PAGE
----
Language and World: A Defence of Linguistic Idealism


Gaskin, Richard (2020) Language and World: A Defence of Linguistic Idealism. Routledge Studies in Metaphysics . CRC Press,New York.

WarningThere is a more recent version of this item available.
[img] Text
Ch. 1.pdf - Accepted Version
Access to this file is embargoed until 7 January 2022.

Download (437kB)

Abstract

This book defends a version of linguistic idealism, the thesis that the world is a product of language. In the course of defending this radical thesis, Gaskin addresses a wide range of topics in contemporary metaphysics, philosophy of language, philosophical logic, and syntax theory. Starting from the context and compositionality principles, and the idea of a systematic theory of meaning in the Tarski–Davidson tradition, Gaskin argues that the sentence is the primary unit of linguistic meaning, and that the main aspects of meaning, sense and reference, are themselves theoretical posits. Ontology, which is correlative with reference, emerges as language-driven. This linguistic idealism is combined with a realism that accepts the objectivity of science, and it is accordingly distinguished from empirical pragmatism. Gaskin contends that there is a basic metaphysical level at which everything is expressible in language; but the vindication of linguistic idealism is nuanced inasmuch as there is also a derived level, asymmetrically dependant on the basic level, at which reality can break free of language and reach into the realms of the unnameable and indescribable.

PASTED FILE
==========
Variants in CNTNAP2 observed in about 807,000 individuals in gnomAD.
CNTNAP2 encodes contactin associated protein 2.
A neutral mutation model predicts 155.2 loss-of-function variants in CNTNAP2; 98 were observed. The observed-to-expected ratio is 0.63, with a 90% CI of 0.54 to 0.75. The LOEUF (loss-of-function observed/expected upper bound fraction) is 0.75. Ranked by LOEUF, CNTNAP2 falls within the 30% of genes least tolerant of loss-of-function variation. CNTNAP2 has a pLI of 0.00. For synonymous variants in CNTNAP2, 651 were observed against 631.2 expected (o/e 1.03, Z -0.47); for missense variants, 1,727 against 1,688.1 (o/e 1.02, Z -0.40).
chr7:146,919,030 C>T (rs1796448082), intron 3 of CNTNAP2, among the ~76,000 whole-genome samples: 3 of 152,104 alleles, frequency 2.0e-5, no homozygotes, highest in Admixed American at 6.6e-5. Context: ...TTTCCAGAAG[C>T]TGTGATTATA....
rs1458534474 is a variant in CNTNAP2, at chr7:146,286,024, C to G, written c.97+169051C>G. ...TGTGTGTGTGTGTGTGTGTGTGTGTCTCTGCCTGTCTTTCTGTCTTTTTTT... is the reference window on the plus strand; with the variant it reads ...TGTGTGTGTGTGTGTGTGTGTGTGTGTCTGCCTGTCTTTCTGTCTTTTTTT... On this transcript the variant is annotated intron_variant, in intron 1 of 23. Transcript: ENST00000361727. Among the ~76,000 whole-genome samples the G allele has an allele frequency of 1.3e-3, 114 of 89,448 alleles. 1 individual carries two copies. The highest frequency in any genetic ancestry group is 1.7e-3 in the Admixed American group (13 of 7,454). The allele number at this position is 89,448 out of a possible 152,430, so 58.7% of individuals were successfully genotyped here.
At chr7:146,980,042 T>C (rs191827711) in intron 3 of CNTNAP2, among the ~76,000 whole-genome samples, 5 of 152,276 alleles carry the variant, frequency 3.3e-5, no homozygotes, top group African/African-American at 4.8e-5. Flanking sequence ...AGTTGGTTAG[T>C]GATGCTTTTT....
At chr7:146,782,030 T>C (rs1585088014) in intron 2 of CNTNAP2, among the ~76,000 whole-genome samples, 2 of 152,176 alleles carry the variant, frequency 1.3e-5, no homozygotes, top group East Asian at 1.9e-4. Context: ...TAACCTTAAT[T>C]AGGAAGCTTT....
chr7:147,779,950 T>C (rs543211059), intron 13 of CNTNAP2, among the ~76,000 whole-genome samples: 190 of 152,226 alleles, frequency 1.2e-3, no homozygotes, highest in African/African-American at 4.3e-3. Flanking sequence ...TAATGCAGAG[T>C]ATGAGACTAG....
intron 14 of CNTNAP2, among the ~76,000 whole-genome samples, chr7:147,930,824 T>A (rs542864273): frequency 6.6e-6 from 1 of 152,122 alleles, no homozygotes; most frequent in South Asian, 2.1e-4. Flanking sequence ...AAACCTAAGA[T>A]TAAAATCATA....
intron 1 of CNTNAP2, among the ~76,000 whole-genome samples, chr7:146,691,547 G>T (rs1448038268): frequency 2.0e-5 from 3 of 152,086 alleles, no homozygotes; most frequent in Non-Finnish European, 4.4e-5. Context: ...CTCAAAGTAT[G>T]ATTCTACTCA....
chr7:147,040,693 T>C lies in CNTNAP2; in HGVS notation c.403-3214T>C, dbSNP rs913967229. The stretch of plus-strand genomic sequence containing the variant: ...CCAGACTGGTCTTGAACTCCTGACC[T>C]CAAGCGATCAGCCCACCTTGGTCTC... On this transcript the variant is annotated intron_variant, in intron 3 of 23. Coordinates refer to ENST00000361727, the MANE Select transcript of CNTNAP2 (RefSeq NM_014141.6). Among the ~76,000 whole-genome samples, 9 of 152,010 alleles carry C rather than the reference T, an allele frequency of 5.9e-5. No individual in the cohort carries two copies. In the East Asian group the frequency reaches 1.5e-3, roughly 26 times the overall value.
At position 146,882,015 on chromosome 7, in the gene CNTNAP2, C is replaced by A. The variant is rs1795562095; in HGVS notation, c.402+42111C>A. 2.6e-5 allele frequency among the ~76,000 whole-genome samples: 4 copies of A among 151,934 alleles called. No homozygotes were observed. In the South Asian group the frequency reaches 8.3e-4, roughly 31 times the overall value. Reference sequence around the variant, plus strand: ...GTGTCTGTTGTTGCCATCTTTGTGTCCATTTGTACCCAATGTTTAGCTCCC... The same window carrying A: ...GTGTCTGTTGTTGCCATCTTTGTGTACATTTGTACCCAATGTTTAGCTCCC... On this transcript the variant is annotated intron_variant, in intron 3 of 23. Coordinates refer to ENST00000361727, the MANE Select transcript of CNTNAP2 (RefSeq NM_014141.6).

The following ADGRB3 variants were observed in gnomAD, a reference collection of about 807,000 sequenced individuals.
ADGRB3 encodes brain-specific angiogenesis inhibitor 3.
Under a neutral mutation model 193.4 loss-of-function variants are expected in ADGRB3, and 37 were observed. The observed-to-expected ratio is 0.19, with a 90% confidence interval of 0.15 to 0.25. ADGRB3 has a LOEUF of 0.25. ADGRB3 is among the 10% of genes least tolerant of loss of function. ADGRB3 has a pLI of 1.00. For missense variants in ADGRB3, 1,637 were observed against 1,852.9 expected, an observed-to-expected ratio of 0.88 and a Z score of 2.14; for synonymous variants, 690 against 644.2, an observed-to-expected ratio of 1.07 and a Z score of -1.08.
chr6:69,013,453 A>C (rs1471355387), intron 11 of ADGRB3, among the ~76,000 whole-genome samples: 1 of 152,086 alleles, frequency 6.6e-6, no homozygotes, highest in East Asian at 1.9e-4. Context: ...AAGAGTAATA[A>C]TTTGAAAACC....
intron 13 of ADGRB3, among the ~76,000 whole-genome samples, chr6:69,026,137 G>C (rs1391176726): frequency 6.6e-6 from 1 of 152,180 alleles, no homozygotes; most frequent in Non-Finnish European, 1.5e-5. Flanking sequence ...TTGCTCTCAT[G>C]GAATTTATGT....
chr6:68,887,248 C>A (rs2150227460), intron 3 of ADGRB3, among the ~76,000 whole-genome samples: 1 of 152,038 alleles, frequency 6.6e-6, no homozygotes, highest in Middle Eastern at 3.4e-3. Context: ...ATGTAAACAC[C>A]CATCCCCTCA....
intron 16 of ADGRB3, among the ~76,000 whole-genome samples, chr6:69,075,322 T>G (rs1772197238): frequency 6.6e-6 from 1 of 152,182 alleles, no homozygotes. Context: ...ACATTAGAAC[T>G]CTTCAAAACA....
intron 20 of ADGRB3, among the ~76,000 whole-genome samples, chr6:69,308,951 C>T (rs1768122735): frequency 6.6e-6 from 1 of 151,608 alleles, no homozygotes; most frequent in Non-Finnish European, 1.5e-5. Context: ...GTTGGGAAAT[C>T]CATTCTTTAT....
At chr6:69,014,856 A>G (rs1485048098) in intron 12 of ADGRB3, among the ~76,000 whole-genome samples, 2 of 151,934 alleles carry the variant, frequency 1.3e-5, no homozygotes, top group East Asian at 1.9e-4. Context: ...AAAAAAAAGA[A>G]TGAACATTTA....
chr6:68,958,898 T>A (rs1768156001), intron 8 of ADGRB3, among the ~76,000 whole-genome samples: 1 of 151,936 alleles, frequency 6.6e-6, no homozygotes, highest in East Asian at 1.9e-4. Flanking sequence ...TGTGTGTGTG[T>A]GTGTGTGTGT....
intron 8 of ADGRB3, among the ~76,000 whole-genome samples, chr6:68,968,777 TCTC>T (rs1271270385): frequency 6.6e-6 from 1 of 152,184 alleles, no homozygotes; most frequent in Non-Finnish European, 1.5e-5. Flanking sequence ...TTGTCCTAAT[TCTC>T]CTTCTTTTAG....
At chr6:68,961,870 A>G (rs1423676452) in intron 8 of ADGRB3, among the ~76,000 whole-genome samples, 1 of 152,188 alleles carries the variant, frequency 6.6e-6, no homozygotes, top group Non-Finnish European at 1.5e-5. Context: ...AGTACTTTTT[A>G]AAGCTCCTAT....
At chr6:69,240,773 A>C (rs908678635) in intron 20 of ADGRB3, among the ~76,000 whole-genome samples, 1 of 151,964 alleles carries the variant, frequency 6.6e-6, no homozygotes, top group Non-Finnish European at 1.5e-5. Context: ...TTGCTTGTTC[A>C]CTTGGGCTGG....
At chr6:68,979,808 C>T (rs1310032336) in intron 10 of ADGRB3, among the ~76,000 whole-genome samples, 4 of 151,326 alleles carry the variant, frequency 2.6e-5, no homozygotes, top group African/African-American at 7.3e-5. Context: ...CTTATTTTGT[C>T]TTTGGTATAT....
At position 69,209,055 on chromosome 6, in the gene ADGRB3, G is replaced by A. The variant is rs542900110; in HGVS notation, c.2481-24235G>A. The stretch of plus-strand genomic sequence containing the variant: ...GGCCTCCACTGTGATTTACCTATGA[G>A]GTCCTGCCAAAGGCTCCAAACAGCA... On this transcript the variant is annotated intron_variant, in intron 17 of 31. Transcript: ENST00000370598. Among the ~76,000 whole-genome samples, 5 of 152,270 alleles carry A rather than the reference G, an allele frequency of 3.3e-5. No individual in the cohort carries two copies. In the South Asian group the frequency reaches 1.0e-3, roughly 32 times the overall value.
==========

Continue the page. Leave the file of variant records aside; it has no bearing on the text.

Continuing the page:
Item Type: Book
Depositing User: Symplectic Admin
Date Deposited: 18 Mar 2020 13:57
Last Modified: 28 May 2020 08:51
Related URLs:
URI: http://livrepository.liverpool.ac.uk/id/eprint/3079365

Available Versions of this Item